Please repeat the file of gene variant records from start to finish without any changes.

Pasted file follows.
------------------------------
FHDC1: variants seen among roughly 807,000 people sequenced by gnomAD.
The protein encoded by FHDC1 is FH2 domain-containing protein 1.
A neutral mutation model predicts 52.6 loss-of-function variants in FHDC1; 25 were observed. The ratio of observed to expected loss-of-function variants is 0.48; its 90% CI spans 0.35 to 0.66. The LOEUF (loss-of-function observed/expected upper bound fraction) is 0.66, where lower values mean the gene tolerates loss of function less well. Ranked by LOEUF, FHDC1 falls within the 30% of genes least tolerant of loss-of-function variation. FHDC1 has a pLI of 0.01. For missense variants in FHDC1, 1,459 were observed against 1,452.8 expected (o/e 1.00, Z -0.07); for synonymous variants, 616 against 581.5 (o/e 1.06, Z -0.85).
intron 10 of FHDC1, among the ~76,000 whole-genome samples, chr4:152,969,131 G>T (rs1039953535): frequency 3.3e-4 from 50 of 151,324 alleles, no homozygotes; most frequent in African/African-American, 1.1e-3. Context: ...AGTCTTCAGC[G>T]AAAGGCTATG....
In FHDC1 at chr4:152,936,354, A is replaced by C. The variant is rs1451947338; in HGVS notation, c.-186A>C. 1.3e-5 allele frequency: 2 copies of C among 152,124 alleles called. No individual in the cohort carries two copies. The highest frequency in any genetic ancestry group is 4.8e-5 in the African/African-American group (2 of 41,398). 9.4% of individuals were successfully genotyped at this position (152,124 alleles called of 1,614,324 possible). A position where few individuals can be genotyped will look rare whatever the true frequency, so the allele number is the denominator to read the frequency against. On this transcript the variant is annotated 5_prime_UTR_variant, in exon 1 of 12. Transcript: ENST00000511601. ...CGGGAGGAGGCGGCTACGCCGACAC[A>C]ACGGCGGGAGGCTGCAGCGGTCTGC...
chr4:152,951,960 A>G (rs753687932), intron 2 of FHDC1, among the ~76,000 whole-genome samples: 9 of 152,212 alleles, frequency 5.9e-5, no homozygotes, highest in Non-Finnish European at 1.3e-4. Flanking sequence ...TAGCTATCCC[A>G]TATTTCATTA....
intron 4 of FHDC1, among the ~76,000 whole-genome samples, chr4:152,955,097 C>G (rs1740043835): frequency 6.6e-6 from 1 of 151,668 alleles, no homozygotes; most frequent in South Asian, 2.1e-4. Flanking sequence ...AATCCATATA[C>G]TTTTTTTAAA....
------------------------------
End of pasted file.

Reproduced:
FHDC1: variants seen among roughly 807,000 people sequenced by gnomAD.
The protein encoded by FHDC1 is FH2 domain-containing protein 1.
A neutral mutation model predicts 52.6 loss-of-function variants in FHDC1; 25 were observed. The ratio of observed to expected loss-of-function variants is 0.48; its 90% CI spans 0.35 to 0.66. The LOEUF (loss-of-function observed/expected upper bound fraction) is 0.66, where lower values mean the gene tolerates loss of function less well. Ranked by LOEUF, FHDC1 falls within the 30% of genes least tolerant of loss-of-function variation. FHDC1 has a pLI of 0.01. For missense variants in FHDC1, 1,459 were observed against 1,452.8 expected (o/e 1.00, Z -0.07); for synonymous variants, 616 against 581.5 (o/e 1.06, Z -0.85).
intron 10 of FHDC1, among the ~76,000 whole-genome samples, chr4:152,969,131 G>T (rs1039953535): frequency 3.3e-4 from 50 of 151,324 alleles, no homozygotes; most frequent in African/African-American, 1.1e-3. Context: ...AGTCTTCAGC[G>T]AAAGGCTATG....
In FHDC1 at chr4:152,936,354, A is replaced by C. The variant is rs1451947338; in HGVS notation, c.-186A>C. 1.3e-5 allele frequency: 2 copies of C among 152,124 alleles called. No individual in the cohort carries two copies. The highest frequency in any genetic ancestry group is 4.8e-5 in the African/African-American group (2 of 41,398). 9.4% of individuals were successfully genotyped at this position (152,124 alleles called of 1,614,324 possible). A position where few individuals can be genotyped will look rare whatever the true frequency, so the allele number is the denominator to read the frequency against. On this transcript the variant is annotated 5_prime_UTR_variant, in exon 1 of 12. Transcript: ENST00000511601. ...CGGGAGGAGGCGGCTACGCCGACAC[A>C]ACGGCGGGAGGCTGCAGCGGTCTGC...
chr4:152,951,960 A>G (rs753687932), intron 2 of FHDC1, among the ~76,000 whole-genome samples: 9 of 152,212 alleles, frequency 5.9e-5, no homozygotes, highest in Non-Finnish European at 1.3e-4. Flanking sequence ...TAGCTATCCC[A>G]TATTTCATTA....
intron 4 of FHDC1, among the ~76,000 whole-genome samples, chr4:152,955,097 C>G (rs1740043835): frequency 6.6e-6 from 1 of 151,668 alleles, no homozygotes; most frequent in South Asian, 2.1e-4. Flanking sequence ...AATCCATATA[C>G]TTTTTTTAAA....